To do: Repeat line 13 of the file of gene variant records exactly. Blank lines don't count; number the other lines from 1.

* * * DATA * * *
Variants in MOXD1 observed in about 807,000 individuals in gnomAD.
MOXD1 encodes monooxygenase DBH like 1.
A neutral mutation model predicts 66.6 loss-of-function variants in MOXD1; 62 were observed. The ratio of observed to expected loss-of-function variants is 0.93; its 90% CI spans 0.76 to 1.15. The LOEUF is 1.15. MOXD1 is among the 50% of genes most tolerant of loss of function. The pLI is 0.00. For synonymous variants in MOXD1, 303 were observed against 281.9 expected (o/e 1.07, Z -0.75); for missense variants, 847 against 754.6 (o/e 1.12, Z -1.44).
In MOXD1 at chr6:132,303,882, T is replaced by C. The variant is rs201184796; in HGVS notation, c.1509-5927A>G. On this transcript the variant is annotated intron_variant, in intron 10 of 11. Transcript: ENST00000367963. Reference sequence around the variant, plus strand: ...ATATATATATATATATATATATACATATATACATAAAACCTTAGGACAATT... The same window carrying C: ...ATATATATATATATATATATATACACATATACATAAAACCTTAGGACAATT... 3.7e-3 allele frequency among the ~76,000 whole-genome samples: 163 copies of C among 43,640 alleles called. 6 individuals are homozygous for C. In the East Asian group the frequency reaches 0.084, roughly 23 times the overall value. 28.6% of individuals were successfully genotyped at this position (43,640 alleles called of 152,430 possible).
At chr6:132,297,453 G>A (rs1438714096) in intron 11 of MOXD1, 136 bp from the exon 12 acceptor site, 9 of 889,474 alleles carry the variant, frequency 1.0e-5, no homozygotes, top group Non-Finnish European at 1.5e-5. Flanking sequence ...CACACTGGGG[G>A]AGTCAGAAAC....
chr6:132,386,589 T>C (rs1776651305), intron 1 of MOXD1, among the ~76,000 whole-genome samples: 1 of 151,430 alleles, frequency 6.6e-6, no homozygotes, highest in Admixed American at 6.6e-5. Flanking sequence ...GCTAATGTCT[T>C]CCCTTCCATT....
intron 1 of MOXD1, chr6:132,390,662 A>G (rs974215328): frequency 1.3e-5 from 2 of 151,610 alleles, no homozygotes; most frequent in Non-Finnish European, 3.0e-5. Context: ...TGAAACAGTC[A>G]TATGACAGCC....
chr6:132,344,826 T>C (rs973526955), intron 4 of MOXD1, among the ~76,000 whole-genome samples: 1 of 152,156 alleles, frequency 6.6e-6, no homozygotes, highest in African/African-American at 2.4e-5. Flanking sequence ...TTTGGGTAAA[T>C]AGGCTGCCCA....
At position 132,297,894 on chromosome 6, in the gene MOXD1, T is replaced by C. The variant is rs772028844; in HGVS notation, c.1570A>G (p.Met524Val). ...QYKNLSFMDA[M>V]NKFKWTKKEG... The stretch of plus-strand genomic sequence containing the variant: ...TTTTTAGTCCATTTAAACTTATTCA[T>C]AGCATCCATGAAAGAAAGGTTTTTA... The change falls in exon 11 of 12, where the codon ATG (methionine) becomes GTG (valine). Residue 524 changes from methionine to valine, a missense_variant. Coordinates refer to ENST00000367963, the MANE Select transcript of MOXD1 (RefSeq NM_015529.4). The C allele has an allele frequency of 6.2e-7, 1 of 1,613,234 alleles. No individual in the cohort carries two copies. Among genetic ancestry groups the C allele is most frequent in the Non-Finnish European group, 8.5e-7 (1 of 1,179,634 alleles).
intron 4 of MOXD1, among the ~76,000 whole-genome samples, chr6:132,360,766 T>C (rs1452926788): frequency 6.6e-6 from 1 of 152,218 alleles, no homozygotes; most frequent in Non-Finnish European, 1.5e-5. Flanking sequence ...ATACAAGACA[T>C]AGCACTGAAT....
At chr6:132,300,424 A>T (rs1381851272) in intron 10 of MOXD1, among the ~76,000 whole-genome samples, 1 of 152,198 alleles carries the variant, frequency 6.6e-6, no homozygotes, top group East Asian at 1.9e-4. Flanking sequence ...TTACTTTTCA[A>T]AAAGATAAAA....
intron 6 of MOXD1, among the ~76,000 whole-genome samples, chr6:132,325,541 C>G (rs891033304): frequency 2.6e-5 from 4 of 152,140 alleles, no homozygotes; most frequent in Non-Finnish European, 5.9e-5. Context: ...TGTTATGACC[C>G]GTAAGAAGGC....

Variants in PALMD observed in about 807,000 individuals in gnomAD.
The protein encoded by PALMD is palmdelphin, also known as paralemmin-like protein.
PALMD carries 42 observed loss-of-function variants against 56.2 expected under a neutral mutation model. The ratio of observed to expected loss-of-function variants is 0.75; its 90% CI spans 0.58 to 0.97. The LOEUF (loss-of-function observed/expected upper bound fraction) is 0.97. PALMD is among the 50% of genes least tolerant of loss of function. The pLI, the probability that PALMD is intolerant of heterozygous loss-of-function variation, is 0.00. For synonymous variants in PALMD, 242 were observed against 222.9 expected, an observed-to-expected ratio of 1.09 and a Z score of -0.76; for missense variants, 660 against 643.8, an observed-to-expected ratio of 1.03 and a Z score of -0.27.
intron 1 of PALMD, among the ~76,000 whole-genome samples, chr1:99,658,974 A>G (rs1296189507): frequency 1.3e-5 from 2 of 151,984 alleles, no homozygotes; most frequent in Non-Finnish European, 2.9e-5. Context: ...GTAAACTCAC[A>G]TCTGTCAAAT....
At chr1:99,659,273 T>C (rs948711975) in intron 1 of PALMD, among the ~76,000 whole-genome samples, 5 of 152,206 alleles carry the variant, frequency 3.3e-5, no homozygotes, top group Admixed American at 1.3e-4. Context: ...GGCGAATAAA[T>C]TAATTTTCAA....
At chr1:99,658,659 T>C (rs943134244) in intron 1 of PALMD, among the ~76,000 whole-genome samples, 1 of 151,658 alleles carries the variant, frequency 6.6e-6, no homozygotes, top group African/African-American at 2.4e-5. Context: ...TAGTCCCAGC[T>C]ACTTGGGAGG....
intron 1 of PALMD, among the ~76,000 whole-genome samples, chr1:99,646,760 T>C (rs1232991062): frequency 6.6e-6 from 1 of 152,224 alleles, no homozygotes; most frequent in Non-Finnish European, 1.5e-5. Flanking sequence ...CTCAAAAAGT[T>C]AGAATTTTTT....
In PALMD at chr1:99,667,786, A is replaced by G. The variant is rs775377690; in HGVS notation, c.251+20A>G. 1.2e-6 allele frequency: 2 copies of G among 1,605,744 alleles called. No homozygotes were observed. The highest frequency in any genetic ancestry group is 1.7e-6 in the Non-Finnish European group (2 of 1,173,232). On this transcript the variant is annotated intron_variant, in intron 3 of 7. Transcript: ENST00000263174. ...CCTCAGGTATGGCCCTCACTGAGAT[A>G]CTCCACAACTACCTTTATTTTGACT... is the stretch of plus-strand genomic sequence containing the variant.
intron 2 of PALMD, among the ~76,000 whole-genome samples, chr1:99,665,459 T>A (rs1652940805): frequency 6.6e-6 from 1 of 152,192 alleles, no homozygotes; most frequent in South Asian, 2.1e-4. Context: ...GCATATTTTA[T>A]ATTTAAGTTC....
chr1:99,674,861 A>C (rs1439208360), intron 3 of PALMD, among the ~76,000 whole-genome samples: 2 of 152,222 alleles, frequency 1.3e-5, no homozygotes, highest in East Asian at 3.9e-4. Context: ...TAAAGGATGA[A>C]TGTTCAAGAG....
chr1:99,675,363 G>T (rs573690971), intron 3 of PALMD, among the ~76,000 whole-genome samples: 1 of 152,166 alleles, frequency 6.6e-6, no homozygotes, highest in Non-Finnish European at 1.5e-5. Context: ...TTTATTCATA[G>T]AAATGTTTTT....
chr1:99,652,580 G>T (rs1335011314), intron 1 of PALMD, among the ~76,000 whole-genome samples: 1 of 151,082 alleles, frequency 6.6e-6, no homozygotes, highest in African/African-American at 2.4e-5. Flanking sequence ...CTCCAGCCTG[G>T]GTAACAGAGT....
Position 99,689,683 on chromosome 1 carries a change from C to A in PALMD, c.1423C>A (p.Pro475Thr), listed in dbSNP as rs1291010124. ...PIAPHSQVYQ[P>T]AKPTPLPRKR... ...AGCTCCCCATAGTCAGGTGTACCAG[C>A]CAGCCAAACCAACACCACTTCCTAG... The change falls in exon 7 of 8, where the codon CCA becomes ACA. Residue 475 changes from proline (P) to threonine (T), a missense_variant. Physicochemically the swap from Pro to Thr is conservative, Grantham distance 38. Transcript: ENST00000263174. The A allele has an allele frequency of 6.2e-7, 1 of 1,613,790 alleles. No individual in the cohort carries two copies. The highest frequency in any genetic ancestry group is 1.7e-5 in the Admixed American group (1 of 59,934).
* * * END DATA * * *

Variants in PALMD observed in about 807,000 individuals in gnomAD.